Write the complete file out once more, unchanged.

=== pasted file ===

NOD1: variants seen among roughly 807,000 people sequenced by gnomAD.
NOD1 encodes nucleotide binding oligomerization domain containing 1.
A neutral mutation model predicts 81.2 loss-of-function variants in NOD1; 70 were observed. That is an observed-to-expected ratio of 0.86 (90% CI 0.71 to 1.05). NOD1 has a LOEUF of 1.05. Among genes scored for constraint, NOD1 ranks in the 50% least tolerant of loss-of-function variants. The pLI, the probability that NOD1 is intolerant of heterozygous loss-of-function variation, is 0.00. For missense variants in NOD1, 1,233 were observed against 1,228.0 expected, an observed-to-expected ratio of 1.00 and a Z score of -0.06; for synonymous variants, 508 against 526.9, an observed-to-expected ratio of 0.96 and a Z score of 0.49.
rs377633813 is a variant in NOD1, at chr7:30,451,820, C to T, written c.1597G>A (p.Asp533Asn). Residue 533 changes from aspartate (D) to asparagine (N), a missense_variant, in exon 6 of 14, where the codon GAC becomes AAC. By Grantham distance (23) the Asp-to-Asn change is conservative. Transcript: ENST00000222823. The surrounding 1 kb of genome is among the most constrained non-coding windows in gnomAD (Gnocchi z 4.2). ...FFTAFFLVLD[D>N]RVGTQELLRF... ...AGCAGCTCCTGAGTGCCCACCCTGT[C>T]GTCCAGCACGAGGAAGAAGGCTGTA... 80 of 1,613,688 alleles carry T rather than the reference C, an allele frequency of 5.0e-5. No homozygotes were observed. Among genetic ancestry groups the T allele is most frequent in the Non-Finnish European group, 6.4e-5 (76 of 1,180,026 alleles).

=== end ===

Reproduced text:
NOD1: variants seen among roughly 807,000 people sequenced by gnomAD.
NOD1 encodes nucleotide binding oligomerization domain containing 1.
A neutral mutation model predicts 81.2 loss-of-function variants in NOD1; 70 were observed. That is an observed-to-expected ratio of 0.86 (90% CI 0.71 to 1.05). NOD1 has a LOEUF of 1.05. Among genes scored for constraint, NOD1 ranks in the 50% least tolerant of loss-of-function variants. The pLI, the probability that NOD1 is intolerant of heterozygous loss-of-function variation, is 0.00. For missense variants in NOD1, 1,233 were observed against 1,228.0 expected, an observed-to-expected ratio of 1.00 and a Z score of -0.06; for synonymous variants, 508 against 526.9, an observed-to-expected ratio of 0.96 and a Z score of 0.49.
rs377633813 is a variant in NOD1, at chr7:30,451,820, C to T, written c.1597G>A (p.Asp533Asn). Residue 533 changes from aspartate (D) to asparagine (N), a missense_variant, in exon 6 of 14, where the codon GAC becomes AAC. By Grantham distance (23) the Asp-to-Asn change is conservative. Transcript: ENST00000222823. The surrounding 1 kb of genome is among the most constrained non-coding windows in gnomAD (Gnocchi z 4.2). ...FFTAFFLVLD[D>N]RVGTQELLRF... ...AGCAGCTCCTGAGTGCCCACCCTGT[C>T]GTCCAGCACGAGGAAGAAGGCTGTA... 80 of 1,613,688 alleles carry T rather than the reference C, an allele frequency of 5.0e-5. No homozygotes were observed. Among genetic ancestry groups the T allele is most frequent in the Non-Finnish European group, 6.4e-5 (76 of 1,180,026 alleles).